Dhe armed uprising of Russian mercenaries against their own state leadership in the middle of the Ukraine war seems to have been short-lived. Only a few hours after the start of the advance towards Moscow, mercenary chief Yevgeny Prigozhin gave the order for his notorious private army to withdraw on Saturday evening. Shortly thereafter, the mercenaries gave up the positions they had held in southern Russia. Prigozhin himself will go unhindered to neighboring Belarus, Kremlin spokesman Dmitry Peskov said on Saturday, according to the Russian news agency Interfax. As a guarantee for the free withdrawal, the former confidante of Kremlin boss Vladimir Putin has “the word of the president”.
Although Putin had announced that the insurgents would be punished that morning, the Kremlin made different statements in the evening. The fighters of the “Wagner” squad should not be prosecuted either, given their services at the front in Ukraine, as Peskov assured. Rather, some of the mercenaries would be offered an offer to sign up for service in the Russian armed forces.
Lukashenko as mediator
According to his own statements, the Belarusian ruler Alexander Lukashenko had persuaded Prigozhin to give up his uprising. Lukashenko offered to be a mediator because he had known Prigozhin personally for around 20 years, Peskov said. Prigozhin himself did not comment directly on this. It was not clear whether and when he wanted to leave southern Russia for Belarus.
Shortly before, the mercenary chief had announced that he would stop his units from advancing on the Russian capital Moscow. “Our columns are turning and heading back to the camps in the opposite direction,” he said in a voice message published by his press service on Telegram. So far, “not a drop of our fighters’ blood” has been shed. “Now the moment has come when blood could be spilled.” That’s why it’s time to turn the columns around.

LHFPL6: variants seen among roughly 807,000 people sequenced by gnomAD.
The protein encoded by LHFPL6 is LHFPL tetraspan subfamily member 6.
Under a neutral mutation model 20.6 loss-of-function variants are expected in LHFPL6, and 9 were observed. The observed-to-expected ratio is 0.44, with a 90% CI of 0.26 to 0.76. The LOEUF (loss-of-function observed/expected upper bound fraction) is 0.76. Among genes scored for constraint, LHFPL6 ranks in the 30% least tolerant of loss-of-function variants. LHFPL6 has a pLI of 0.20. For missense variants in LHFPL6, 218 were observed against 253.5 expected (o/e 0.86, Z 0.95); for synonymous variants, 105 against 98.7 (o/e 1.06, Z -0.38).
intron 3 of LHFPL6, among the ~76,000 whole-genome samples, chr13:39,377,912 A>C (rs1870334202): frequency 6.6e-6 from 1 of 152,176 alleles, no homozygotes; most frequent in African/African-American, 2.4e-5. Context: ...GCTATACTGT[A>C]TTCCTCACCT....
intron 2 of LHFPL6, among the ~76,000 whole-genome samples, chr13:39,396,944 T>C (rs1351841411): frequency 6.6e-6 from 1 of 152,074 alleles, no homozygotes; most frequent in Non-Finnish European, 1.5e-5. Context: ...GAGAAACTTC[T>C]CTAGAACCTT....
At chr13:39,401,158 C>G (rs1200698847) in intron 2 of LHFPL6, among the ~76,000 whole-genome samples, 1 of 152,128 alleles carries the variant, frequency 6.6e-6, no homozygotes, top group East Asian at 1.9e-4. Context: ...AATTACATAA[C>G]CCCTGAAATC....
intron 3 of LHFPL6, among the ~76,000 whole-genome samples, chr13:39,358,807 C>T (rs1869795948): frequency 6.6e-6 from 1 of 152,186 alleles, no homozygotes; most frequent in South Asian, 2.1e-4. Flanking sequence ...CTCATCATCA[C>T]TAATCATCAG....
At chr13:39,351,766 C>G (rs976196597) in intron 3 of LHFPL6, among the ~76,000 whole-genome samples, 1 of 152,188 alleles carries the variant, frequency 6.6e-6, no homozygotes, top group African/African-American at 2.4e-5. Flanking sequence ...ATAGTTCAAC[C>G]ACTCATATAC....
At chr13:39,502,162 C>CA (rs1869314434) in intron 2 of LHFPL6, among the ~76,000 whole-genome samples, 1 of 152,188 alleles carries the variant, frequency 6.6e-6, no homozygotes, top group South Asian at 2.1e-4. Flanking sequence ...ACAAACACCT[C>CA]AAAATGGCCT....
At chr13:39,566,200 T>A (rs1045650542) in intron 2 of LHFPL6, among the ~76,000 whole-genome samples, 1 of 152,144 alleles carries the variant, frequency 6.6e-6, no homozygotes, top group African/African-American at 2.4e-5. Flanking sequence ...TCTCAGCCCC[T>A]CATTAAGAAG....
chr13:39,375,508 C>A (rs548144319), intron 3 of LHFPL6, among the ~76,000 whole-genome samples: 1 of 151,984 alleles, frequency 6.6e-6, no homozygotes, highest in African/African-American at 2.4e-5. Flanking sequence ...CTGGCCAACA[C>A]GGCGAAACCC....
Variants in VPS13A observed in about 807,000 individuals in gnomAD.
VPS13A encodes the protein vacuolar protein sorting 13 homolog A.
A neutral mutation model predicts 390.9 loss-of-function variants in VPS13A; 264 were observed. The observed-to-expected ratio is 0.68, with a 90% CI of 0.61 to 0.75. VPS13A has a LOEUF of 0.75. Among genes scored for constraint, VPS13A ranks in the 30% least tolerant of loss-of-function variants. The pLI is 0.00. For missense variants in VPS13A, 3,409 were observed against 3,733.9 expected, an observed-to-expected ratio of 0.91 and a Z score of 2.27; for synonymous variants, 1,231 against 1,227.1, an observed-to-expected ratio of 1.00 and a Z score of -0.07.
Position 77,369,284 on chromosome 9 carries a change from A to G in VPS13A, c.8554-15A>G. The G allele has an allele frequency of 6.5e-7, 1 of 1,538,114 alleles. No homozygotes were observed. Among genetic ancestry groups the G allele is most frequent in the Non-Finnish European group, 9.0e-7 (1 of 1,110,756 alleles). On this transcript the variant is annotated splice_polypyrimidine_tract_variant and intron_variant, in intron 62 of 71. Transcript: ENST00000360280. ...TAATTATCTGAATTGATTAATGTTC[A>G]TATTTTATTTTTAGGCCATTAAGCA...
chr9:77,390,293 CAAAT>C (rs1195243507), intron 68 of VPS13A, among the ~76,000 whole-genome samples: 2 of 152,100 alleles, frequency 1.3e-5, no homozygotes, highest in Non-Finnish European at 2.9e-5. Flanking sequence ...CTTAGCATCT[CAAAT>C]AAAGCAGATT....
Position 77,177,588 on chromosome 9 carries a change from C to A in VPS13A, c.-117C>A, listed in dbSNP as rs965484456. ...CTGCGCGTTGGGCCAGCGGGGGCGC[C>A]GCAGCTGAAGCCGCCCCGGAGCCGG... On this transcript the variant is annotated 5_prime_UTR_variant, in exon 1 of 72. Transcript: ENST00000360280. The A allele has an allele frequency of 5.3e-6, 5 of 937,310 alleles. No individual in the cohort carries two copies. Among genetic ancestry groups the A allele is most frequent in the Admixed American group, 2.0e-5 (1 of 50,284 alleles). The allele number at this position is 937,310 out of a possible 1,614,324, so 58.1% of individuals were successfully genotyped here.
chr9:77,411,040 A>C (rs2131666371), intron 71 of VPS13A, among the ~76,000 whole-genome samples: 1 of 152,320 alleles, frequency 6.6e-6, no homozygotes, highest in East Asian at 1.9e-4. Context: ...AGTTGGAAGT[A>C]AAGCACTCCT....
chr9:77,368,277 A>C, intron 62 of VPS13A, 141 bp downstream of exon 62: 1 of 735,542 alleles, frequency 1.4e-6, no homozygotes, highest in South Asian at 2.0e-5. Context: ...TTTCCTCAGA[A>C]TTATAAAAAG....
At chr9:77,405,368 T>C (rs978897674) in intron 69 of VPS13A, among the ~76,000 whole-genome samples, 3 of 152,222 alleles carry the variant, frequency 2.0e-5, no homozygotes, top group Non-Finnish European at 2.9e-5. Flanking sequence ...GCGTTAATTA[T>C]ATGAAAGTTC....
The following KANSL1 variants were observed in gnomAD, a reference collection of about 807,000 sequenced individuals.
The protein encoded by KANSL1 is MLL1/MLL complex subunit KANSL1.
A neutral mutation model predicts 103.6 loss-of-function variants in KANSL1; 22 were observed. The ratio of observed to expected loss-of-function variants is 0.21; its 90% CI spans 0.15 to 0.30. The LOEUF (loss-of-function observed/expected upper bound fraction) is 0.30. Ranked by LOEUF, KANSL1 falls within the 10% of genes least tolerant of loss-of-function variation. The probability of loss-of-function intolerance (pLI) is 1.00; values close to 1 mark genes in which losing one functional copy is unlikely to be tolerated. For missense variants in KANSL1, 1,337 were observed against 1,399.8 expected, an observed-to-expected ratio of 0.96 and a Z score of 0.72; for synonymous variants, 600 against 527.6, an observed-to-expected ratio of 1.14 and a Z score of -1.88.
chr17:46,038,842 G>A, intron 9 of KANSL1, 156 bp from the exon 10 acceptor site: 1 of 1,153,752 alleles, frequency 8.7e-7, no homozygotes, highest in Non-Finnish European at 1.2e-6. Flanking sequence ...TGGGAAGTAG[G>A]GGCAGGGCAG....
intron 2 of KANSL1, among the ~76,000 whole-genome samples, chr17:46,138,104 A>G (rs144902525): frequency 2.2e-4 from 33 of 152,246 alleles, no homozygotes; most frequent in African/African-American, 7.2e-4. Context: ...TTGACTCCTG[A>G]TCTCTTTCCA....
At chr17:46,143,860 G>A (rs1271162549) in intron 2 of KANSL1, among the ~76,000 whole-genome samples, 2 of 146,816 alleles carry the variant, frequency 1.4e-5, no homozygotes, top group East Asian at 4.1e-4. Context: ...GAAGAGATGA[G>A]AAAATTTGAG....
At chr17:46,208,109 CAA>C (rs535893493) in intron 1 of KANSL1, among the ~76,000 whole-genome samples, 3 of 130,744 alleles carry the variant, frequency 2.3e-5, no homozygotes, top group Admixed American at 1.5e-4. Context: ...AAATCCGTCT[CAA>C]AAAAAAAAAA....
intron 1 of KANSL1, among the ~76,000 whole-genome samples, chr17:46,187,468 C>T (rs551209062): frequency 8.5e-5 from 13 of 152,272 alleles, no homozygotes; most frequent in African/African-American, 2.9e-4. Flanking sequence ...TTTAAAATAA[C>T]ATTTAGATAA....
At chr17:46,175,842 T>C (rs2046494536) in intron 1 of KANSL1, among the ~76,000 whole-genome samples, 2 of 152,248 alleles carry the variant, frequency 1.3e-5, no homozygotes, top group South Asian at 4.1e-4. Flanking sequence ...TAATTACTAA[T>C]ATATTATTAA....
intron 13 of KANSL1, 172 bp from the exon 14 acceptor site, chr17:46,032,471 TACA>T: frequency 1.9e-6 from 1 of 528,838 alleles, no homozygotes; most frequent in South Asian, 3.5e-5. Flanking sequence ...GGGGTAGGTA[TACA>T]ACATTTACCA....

At first it was not clear whether, in addition to impunity, other concessions were being made or at least promised to Prigozhin in order to stop his troops from advancing on Moscow. He was long considered a loyal companion of Putin, an untouchable figure in the Russian power structure, until the Kremlin chief called him a “traitor” on Saturday morning – and thus publicly dropped him.
The “Wagner” troops gave up their positions in the southern Russian city of Rostov-on-Don, which they had held until early Sunday morning (local time). To the applause of the civilian population, the first vehicles with mercenaries left the headquarters of the Russian army, which they had occupied only hours earlier Military Command South, before later tanks and combat vehicles left the city center.
According to official information, all roadblocks on the access roads around Moscow were lifted early Sunday morning. However, the city administration continued to adhere to the work-free Monday originally decreed by Mayor Sergei Sobyanin for security reasons.
The power struggle between Prigozhin and the Russian army leadership, which had been smoldering for months, escalated on Saturday night. The 62-year-old accused Defense Minister Sergei Shoigu of ordering an attack on a military camp by the “Wagner” force, risking the deaths of a “large number” of militants. The notorious mercenary unit was involved in Putin’s war of aggression fought against Ukraine alongside regular Russian troops and, above all, played an important role in the capture of the city of Bakhmut in the Donetsk region.